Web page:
Act I, Scenes 1-6: Questions and Answers

1. Why is Rene Gallimard in jail? What clues do we have?

2. Does Gallimard feel that people understand him?

3. Gallimard identifies himself with which character in Puccini’s opera, Madame Butterfly?

4. Which character in the opera Madame Butterfly does Gallimard most identify with?

5. Does playwright David Henry Hwang believe that the opera Madame Butterfly accurately depicts real life?

1. According to the playwright’s notes at the beginning of the play, a former French diplomat was sentenced to six years in jail for passing information to China as part of his twenty-year relationship with a man whom he believed to be a woman. The suggestion is that Gallimard had a similar affair and was incarcerated for it.

2. Gallimard does not think that the public understands him. When he imagines them, they mock him. They do not comprehend that Gallimard has been loved by the “Perfect Woman.” Ironically, Gallimard’s woman is physically a man.

3. Gallimard identifies with Pinkerton, a U.S. naval officer who buys a Japanese woman for a nominal fee, has sex with her, and abandons her.

4. Gallimard sees Pinkerton as a completely mediocre individual. He is, “not very good-looking, not too bright, and pretty much a wimp.”

5. The playwright uses the opera to emphasize Western stereotypes concerning sex roles. He does not think that it is an accurate depiction of reality.

Act I, Scenes 7-13: Questions and Answers

1. Does Song believe that the “White man” can fairly judge his own values?

2. Who does Gallimard fall in love with?

3. What are the circumstances in which Gallimard lost his virginity?

4. Why does Toulon promote Gallimard?

5. What does Song admit in order to get Gallimard to confess his love?

1. Song believes that Gallimard, the White man, can only see things subjectively. He is incapable of truly understanding his own values.

2. Gallimard actually falls for his image of the ideal woman. Song realizes what Gallimard wants and plays the role of the submissive Chinese woman with whom Gallimard desperately wants to fall in love.

3. Gallimard’s friend, Marc, arranged for a woman to seduce Gallimard. The woman was very aggressive and assumed a superior position, at least from Gallimard’s viewpoint. The implication is that the experience was less than satisfactory for Gallimard.

4. Toulon notices Gallimard is more aggressive and confident. His relationship with Song empowers and endows confidence upon him. Toulon is impressed by rumors that Gallimard gets along well with the natives.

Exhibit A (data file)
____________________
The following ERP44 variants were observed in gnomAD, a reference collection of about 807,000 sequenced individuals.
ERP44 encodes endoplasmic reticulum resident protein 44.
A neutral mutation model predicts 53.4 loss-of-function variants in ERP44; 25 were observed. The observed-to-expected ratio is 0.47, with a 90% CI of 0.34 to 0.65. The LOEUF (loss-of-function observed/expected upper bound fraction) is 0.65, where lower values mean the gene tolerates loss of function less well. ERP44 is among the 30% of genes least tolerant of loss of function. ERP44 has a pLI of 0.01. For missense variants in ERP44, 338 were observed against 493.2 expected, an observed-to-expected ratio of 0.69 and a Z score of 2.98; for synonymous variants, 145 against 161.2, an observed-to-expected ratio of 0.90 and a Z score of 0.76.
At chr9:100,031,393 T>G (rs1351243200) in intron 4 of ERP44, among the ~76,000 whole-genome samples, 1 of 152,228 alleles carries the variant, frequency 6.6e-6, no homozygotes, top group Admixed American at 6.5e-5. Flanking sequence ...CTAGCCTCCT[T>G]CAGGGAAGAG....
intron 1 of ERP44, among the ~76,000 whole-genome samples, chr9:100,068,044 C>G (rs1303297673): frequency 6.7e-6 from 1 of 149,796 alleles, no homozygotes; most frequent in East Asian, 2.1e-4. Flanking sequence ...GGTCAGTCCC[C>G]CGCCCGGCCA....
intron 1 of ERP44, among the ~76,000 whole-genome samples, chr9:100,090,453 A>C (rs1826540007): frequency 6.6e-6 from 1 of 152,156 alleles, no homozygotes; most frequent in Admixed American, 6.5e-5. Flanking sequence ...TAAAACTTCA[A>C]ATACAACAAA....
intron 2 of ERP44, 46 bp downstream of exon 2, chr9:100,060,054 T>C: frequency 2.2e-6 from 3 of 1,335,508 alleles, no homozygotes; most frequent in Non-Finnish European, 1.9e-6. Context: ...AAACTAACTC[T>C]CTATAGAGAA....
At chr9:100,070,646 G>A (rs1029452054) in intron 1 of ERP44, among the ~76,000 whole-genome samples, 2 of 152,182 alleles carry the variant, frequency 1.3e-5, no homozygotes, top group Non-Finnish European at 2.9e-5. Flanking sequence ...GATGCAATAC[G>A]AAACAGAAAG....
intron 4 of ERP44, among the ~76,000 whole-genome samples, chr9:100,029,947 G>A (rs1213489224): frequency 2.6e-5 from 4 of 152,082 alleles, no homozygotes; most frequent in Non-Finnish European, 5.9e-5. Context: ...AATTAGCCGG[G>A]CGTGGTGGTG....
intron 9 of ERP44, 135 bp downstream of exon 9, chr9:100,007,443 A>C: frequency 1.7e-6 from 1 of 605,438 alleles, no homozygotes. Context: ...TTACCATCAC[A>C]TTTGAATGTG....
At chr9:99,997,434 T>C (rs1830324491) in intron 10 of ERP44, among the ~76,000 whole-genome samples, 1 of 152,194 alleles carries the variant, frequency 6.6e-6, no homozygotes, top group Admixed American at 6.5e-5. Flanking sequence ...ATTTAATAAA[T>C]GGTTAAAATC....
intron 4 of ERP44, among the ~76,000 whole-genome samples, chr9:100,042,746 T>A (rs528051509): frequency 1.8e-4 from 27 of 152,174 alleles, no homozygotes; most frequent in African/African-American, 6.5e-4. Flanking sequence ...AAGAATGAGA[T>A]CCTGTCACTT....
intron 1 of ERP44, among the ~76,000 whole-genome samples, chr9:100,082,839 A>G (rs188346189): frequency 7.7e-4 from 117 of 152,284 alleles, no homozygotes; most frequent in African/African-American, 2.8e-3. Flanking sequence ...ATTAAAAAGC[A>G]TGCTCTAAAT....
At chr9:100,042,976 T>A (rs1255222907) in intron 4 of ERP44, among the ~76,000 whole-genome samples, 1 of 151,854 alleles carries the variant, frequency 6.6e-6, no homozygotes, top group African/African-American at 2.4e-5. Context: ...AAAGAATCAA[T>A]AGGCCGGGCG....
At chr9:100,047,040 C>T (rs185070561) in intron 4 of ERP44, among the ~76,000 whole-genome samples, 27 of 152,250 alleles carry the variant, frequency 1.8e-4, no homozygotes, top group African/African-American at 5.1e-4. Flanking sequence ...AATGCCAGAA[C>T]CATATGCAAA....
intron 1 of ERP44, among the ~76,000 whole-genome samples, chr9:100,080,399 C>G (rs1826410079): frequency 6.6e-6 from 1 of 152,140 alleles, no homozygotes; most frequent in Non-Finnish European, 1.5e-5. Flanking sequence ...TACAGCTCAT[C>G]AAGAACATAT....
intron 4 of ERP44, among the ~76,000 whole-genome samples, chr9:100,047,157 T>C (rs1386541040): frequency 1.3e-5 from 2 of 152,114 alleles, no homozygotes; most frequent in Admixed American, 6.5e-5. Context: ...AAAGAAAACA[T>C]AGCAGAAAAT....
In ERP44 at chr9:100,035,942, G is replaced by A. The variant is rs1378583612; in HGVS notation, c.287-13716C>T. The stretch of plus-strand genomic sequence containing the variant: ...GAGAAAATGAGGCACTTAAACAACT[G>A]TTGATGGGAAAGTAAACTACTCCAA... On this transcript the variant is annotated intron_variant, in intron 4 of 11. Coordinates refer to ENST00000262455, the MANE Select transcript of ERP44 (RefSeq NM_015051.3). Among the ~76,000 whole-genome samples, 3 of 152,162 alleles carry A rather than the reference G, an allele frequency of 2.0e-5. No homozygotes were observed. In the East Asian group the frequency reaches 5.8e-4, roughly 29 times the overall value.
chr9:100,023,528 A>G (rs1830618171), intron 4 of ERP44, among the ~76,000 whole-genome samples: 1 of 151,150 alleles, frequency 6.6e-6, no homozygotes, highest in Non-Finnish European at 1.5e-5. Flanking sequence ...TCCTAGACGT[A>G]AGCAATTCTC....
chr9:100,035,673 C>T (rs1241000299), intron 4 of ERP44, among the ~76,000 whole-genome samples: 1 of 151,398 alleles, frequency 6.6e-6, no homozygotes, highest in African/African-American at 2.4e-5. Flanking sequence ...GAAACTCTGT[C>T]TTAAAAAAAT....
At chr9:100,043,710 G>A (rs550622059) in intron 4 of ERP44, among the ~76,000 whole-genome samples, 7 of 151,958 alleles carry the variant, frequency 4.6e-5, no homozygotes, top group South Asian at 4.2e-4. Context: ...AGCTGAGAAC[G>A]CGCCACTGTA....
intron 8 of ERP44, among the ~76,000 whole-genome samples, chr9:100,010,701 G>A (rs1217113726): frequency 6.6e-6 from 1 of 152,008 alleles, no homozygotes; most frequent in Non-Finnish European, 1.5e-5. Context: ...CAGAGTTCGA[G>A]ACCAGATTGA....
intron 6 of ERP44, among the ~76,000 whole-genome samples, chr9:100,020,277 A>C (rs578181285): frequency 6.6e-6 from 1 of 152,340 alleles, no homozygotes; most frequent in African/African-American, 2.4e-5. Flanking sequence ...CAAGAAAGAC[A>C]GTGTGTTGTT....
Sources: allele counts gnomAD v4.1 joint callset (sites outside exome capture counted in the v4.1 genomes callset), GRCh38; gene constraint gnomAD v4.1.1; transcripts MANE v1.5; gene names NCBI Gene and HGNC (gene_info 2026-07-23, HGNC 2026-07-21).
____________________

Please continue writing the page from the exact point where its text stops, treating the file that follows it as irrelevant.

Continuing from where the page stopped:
5. Song admits that she is Gallimard’s “Butterfly.” In other words, she confirms Gallimard’s idealization of the meek, dedicated Oriental woman. He falls in love with this stereotype.

Act II, scenes 1-7: Questions and Answers

1. Does Gallimard believe that most men envy Pinkerton?

2. On what does Gallimard base his assessment of the Vietnam situation for Toulon?

3. What kind of judgments does Comrade Chin make concerning Song’s behavior?

4. How does Song manipulate the fact that Gallimard has no offspring?

5. How does Song avoid being seen naked by Gallimard?

1. Yes. Gallimard believes that very few men would pass up the opportunity to be Pinkerton.

2. Gallimard makes mistakes in his assessment of the situation in Vietnam because he bases his analysis on the very same false stereotypes that dominate his personal life.

3. Comrade Chin does not approve of Song’s behavior. She is suspicious of actors and homosexuality. Chin’s views are no more based in reality than Gallimard’s. She is in denial about the existence of homosexuality like Gallimard.

4. Gallimard feels guilty that he cannot get his wife pregnant and fears that the problem is his. Song assuages his fears when she provides him with a baby.

5. Song tells Gallimard that she is pregnant in order to avoid stripping for him.

Act II, scenes 8-11: Questions and Answers

1. Why is Gallimard sent back to France?

2. What happens to Song around the time Gallimard goes to France?

3. Why is Chin disgusted that Song’s hands are “still so smooth?”

4. What is occurring in France in 1968?

5. What does Gallimard do when Song shows up in Paris?

1. Gallimard is sent back to France for incorrectly predicting how the Vietnamese would react to an increased U.S. military presence in Southeast Asia. He had assumed that the Vietnamese would be submissive.

2. Song is denounced as a decadent actor. He admits to homosexuality and is forced to rehabilitate by working on a farm.

3. The People, or the Cultural Revolution, favored manual laborers. Intellectuals were viewed as leeches to society. To Chin, Song’s smooth hands are an indication of Song’s uselessness.

4. The students rebel against the government. They have communist sympathies. Helga is disgusted with the behavior of the students.

5. Gallimard leaves his wife and takes Song in after "she" appears in Paris.

Act III, scenes 1-3: Questions and Answers

1. Why was Song able to dupe Gallimard into thinking he was a man?

2. Is Song sure that Gallimard never knew Song was a man?

3. What happens after Song strips?

4. How does Gallimard regress back into a world of fantasy?

5. What role in the Puccini opera does Song take by reciting the lines “Butterfly? Butterfly?” to end the play?

1. According to Song, men believe what the want to. Additionally, according to the Western stereotype of the Oriental, all Orientals all feminine in nature.

2. We do not know for sure. Song admits that Gallimard never asked outright. The implication is that Gallimard...

(The entire section is 227 words.)